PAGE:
A stranger at the gas station

black vehicle speedometer

Yesterday my husband called to tell me about a situation he observed while he stopped his car at a gas station to check his phone. At the same time, another vehicle parked next to him.

The driver caught his attention. He noticed a man carefully putting on a mask and gloves. Then the man got out of the car and went inside the convenience store at the gas station. He did take long and was quickly back in his vehicle within a few minutes. My husband then observed that he carefully took his gloves off and mask, got some hand sanitizer, and rubbed it in his hands and face. After doing all the sanitation, he lowered his window, light up a cigarette, and started smoking.

I must admit that I was shocked by this story. Then I began to try to speculate what is going through this men’s mind to try to make sense of his behavior.

I came up with some justifications that I think could show some light about this conflictive behavior, in my opinion. If my theories were right or not, I will never know, but the one I feel more confident is that this man is dealing with an internal conflict.

We all deal with internal conflicts. These are conflicts between our mind and the heart. We all have plenty of situations that we had to cope with, which are an emotional paradox. I’m sure that you can remember saying to yourself: Do I listen to my inner voice? Or Do I listen to my heart?

Internal conflict spiral

Our internal conflicts can turn into stress and fear that spiral against our wellbeing, like the situation that I described earlier about the gas station driver. The battle with the inner critic can lead to self-destructive behavior.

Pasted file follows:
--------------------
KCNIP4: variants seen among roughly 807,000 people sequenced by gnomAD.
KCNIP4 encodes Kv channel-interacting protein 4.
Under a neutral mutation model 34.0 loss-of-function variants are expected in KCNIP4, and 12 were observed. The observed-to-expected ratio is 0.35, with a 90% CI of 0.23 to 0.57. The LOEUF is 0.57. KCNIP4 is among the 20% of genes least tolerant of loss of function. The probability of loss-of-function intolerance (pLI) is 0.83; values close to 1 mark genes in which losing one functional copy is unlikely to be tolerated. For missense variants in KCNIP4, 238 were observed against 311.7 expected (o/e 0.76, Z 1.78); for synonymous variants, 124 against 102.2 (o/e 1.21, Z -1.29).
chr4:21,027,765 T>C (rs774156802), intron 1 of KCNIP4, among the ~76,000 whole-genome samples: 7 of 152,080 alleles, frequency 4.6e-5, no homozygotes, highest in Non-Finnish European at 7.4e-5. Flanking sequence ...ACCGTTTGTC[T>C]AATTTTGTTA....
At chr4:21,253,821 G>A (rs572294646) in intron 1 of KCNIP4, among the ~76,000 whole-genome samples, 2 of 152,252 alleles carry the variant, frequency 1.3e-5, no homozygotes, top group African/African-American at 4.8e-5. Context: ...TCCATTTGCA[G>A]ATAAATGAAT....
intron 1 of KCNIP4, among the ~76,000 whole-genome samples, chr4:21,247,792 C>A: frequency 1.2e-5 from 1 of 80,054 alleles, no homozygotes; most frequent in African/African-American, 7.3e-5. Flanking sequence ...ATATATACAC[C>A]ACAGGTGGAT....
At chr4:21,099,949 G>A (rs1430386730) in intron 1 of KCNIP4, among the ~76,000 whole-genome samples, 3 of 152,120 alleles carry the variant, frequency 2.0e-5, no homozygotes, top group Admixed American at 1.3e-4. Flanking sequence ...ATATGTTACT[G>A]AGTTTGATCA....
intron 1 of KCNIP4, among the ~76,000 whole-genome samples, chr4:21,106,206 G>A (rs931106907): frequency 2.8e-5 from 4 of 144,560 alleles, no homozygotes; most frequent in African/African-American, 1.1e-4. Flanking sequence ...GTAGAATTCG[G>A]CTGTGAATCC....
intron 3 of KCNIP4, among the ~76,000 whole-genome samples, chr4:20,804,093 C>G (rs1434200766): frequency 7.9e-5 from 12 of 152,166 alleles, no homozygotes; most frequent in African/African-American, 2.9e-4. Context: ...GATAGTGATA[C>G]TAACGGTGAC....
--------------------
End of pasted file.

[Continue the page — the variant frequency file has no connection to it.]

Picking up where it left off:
I have seen and worked with many people that deal with internal conflicts related to unhealthy habits. They know that they are choosing harmful behaviors and are fearful and ashamed, but they still struggle. This struggle could be compulsive eating, shopping, drinking, gambling, smoking, overuse of medication, addictions, and self-harm.

Toxic self-criticism

But sometimes, the inner struggle could be about toxic self- criticism. This type of judgment happens when people frequently have gloomy and pessimistic predictions about themselves and their life. This is when people always expect that they are going to mess things up. Or when something positive happens, and they quickly sabotage the experience.

One common trait of struggling with inner conflict is when we are afraid of confronting our wounds. These unhealthy habits that are harming the body and the mind have a root cause. Not wanting to deal with the root will not allow people to overcome their addictions and unhealthy ways.

One way to begin your journey into changing your habits is to start getting used to discomfort. A proven psychological strategy that can help people change habits is to go through the experience of observing their emotions unravel.

Saying yes to Self-love

Love is the most potent antidote to any emotional wound, pain, or suffering that we could be carrying. A lack of self-love is behind many unhealthy habits, whether toxic self-criticism, compulsive eating or drinking.

Love moves us toward compassion, openness, and unconditional acceptance. If you feel like self-love is too much of a challenge for you, begin with kindness. Being kind is a more accessible and sustainable way to be more loving.

If you feel that you want to change a habit that is becoming an obstacle for your mental and physical wellbeing, pay attention to the inner voice. When you think that the internal conflict shows up, take a pause. Do not push away your discomfort. Notice how it feels. Use kind words and say to yourself: I am kind, all is well. Keep repeating these phrases until you feel that your mind and heart are calm and well.

One quote

“As I began to love myself, I found that anguish and emotional suffering are only warning signs that I was living against my own truth. As I began to love myself, I freed myself of anything that is no good for my health – food, people, things, situations, and everything that drew me down and away from myself. At first, I called this attitude a healthy egoism. Today I know it is “LOVE OF ONESELF.”

Charlie Chaplin

One question

Which one of your inner conflict could benefit from some self-love and kindness?

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